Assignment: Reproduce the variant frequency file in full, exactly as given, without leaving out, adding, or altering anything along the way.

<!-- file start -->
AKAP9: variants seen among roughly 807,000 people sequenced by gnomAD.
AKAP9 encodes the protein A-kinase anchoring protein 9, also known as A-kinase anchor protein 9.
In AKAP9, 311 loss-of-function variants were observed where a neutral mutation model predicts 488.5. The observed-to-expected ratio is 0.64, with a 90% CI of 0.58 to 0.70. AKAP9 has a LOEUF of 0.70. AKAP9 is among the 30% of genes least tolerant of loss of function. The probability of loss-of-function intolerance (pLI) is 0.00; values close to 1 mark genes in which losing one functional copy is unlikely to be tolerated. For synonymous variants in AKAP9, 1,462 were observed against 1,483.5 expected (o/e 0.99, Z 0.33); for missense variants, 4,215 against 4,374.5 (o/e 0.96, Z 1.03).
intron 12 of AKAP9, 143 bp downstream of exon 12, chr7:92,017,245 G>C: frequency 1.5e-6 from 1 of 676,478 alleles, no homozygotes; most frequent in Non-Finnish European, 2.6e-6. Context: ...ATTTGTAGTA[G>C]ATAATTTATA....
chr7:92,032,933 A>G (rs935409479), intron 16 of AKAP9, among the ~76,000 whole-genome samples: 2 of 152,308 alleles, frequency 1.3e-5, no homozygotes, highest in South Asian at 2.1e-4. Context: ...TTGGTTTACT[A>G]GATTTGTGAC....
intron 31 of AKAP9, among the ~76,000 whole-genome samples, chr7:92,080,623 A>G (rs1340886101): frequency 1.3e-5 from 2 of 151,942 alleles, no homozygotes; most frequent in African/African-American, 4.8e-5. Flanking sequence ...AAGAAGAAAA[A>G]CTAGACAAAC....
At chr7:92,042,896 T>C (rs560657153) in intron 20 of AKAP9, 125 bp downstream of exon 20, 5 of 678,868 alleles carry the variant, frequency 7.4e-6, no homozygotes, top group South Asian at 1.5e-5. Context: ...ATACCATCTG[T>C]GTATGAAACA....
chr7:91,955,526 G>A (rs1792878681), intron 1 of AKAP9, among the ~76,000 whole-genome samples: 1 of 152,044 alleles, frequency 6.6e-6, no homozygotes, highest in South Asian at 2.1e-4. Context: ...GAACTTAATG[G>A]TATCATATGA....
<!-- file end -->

AKAP9: variants seen among roughly 807,000 people sequenced by gnomAD.
AKAP9 encodes the protein A-kinase anchoring protein 9, also known as A-kinase anchor protein 9.
In AKAP9, 311 loss-of-function variants were observed where a neutral mutation model predicts 488.5. The observed-to-expected ratio is 0.64, with a 90% CI of 0.58 to 0.70. AKAP9 has a LOEUF of 0.70. AKAP9 is among the 30% of genes least tolerant of loss of function. The probability of loss-of-function intolerance (pLI) is 0.00; values close to 1 mark genes in which losing one functional copy is unlikely to be tolerated. For synonymous variants in AKAP9, 1,462 were observed against 1,483.5 expected (o/e 0.99, Z 0.33); for missense variants, 4,215 against 4,374.5 (o/e 0.96, Z 1.03).
intron 12 of AKAP9, 143 bp downstream of exon 12, chr7:92,017,245 G>C: frequency 1.5e-6 from 1 of 676,478 alleles, no homozygotes; most frequent in Non-Finnish European, 2.6e-6. Context: ...ATTTGTAGTA[G>C]ATAATTTATA....
chr7:92,032,933 A>G (rs935409479), intron 16 of AKAP9, among the ~76,000 whole-genome samples: 2 of 152,308 alleles, frequency 1.3e-5, no homozygotes, highest in South Asian at 2.1e-4. Context: ...TTGGTTTACT[A>G]GATTTGTGAC....
intron 31 of AKAP9, among the ~76,000 whole-genome samples, chr7:92,080,623 A>G (rs1340886101): frequency 1.3e-5 from 2 of 151,942 alleles, no homozygotes; most frequent in African/African-American, 4.8e-5. Flanking sequence ...AAGAAGAAAA[A>G]CTAGACAAAC....
At chr7:92,042,896 T>C (rs560657153) in intron 20 of AKAP9, 125 bp downstream of exon 20, 5 of 678,868 alleles carry the variant, frequency 7.4e-6, no homozygotes, top group South Asian at 1.5e-5. Context: ...ATACCATCTG[T>C]GTATGAAACA....
chr7:91,955,526 G>A (rs1792878681), intron 1 of AKAP9, among the ~76,000 whole-genome samples: 1 of 152,044 alleles, frequency 6.6e-6, no homozygotes, highest in South Asian at 2.1e-4. Context: ...GAACTTAATG[G>A]TATCATATGA....